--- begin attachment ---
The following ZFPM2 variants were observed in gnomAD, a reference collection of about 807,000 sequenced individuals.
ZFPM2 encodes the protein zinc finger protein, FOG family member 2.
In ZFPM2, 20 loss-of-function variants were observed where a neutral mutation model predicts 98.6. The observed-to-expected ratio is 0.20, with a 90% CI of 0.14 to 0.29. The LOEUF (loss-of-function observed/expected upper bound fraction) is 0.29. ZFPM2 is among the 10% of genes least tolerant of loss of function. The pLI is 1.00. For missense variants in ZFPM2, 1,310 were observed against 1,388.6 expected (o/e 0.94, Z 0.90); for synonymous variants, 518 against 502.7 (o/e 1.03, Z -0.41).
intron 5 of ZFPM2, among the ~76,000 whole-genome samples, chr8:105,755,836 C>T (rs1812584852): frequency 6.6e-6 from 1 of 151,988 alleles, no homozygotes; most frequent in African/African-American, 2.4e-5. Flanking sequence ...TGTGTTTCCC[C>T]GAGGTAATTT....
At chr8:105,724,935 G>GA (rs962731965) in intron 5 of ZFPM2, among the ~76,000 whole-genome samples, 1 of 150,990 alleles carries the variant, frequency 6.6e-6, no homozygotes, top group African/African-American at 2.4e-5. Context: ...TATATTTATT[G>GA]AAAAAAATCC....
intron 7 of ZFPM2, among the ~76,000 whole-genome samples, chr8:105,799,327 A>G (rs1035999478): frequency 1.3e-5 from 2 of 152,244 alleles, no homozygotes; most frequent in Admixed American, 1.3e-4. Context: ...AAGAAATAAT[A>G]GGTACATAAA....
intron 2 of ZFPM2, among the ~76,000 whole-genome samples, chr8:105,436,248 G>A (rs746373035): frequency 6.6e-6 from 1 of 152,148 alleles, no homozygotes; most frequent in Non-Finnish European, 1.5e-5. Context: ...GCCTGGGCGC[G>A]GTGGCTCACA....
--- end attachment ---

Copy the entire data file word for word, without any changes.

The following ZFPM2 variants were observed in gnomAD, a reference collection of about 807,000 sequenced individuals.
ZFPM2 encodes the protein zinc finger protein, FOG family member 2.
In ZFPM2, 20 loss-of-function variants were observed where a neutral mutation model predicts 98.6. The observed-to-expected ratio is 0.20, with a 90% CI of 0.14 to 0.29. The LOEUF (loss-of-function observed/expected upper bound fraction) is 0.29. ZFPM2 is among the 10% of genes least tolerant of loss of function. The pLI is 1.00. For missense variants in ZFPM2, 1,310 were observed against 1,388.6 expected (o/e 0.94, Z 0.90); for synonymous variants, 518 against 502.7 (o/e 1.03, Z -0.41).
intron 5 of ZFPM2, among the ~76,000 whole-genome samples, chr8:105,755,836 C>T (rs1812584852): frequency 6.6e-6 from 1 of 151,988 alleles, no homozygotes; most frequent in African/African-American, 2.4e-5. Flanking sequence ...TGTGTTTCCC[C>T]GAGGTAATTT....
At chr8:105,724,935 G>GA (rs962731965) in intron 5 of ZFPM2, among the ~76,000 whole-genome samples, 1 of 150,990 alleles carries the variant, frequency 6.6e-6, no homozygotes, top group African/African-American at 2.4e-5. Context: ...TATATTTATT[G>GA]AAAAAAATCC....
intron 7 of ZFPM2, among the ~76,000 whole-genome samples, chr8:105,799,327 A>G (rs1035999478): frequency 1.3e-5 from 2 of 152,244 alleles, no homozygotes; most frequent in Admixed American, 1.3e-4. Context: ...AAGAAATAAT[A>G]GGTACATAAA....
intron 2 of ZFPM2, among the ~76,000 whole-genome samples, chr8:105,436,248 G>A (rs746373035): frequency 6.6e-6 from 1 of 152,148 alleles, no homozygotes; most frequent in Non-Finnish European, 1.5e-5. Context: ...GCCTGGGCGC[G>A]GTGGCTCACA....